Perception vs Reality: Ravens Edition

As fans, we are subjected to the national media force-feeding us narratives about our teams, players, and coaches. On top of that, homers give their opinions, and fans of other teams drop their insight to whoever will listen. So, I’ve taken some time to gather some perceptions of the Baltimore Ravens, and the reality of those.


Perception: Joe Flacco doesn’t care about the game. Many people have taken Joe’s declining play, combined with his ‘Joe Cool’ persona, and his 5 children, to mean that the game of football no longer interests him. It’s been said that he’s just collecting a check, and that he doesn’t have the fire or emotion to be a team leader.

Reality: Joe cares about football. Nobody does anything for 10 years if they don’t care about it. Joe has repeatedly shown his distress after a close game ends in a loss, or when a receiver tips a pass into the hands of a defender (looking at you, Perriman). When Joe was winning all the time, his persona was deemed collected. Now that the team has struggled, he’s not emotional enough. Pick a lane.


Perception: The Ravens don’t have any wide receivers. Look at the production from the wide receivers last season. That’s all I need to say for you to understand why this is said.

Reality: Ravens may have an embrassment of riches at the position. Last year, the Ravens WR room was a barren wasteland. They all combined for less yards than Antonio Brown. This year, however, the Ravens have made good on their promise to revamp the wide receiver corps. In free agency, they brought in a possession receiver (Michael Crabtree), a speed threat (John Brown), and an absolute stud in the slot (Willie Snead). In the draft, they added two more (Jaleel Scott and Jordan Lasley), as well as a couple UDFA prospects (including W. Georgia’s Deniko Carter). Other receivers include Chris Moore (3rd year), DeVier Posey (CFL Grey Cup MVP), Tim White (flashed in preseason before injury), and Quincy Adeboyejo (redshirted on IR last season). The Ravens can’t keep all of them, obviously, but to say that they don’t have viable options is ridiculous. (You can see which ones I think make the roster here.)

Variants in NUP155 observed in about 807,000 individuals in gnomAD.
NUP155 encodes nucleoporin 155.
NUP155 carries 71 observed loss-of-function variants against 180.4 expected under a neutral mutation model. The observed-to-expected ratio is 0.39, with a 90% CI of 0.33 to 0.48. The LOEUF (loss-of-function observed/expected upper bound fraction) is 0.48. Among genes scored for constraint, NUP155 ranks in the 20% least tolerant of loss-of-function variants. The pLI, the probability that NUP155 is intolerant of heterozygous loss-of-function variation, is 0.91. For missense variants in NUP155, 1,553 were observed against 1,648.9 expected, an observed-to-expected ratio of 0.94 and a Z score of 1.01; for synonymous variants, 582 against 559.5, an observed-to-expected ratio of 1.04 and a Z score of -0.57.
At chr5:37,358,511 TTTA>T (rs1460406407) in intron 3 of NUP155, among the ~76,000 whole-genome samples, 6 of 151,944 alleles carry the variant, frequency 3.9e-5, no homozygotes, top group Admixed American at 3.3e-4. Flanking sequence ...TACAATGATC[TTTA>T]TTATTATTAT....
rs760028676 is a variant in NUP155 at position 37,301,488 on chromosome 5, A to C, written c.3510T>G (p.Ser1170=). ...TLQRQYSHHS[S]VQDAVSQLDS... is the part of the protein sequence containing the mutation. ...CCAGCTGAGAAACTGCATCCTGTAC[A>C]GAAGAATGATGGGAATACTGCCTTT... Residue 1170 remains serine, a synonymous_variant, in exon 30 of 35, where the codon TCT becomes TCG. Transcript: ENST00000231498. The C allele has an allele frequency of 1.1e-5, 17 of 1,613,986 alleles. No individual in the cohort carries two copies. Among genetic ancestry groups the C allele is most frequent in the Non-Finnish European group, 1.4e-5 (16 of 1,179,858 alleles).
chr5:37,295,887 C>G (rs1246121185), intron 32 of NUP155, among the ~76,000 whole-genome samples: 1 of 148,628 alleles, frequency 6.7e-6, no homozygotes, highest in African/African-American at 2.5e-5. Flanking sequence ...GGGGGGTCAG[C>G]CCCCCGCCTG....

Pittsburgh Steelers v Baltimore Ravens

Perception: The Ravens can’t develop wide receivers. On the surface, this looks to be true.

Reality: The Ravens haven’t given Engram a lot of talent – or given the young guys a chance. I want you to take a second to think about the wide receivers that have been drafted by the Ravens. Really think about them. Only 3 have been first round picks. The rest have been scattered throughout the draft in various rounds. While talented wideouts can be found in later rounds, mathematically, those players are either flashes in the pan, or complete wastes. Combine that loose stat with the fact that ‘The Ravens Way’ has been to sign older, veteran wideouts in free agency to fill holes and roles, it pushes the younger guys down the depth chart, effectively stunting their growth. You can counter this by pointing out Perriman, Taylor, and Clayton, but to be fair, you can’t coach up something that isn’t there. The underlying truth is that we have struggled to groom wideouts, and the hiring of James Urban shows that the Ravens are not unaware. Expect him to have a role in the development of the young guys.


Perception: Joe Flacco can’t hit receivers downfield in stride anymore. We’ve seen a steep decline in deep passes over the past few years.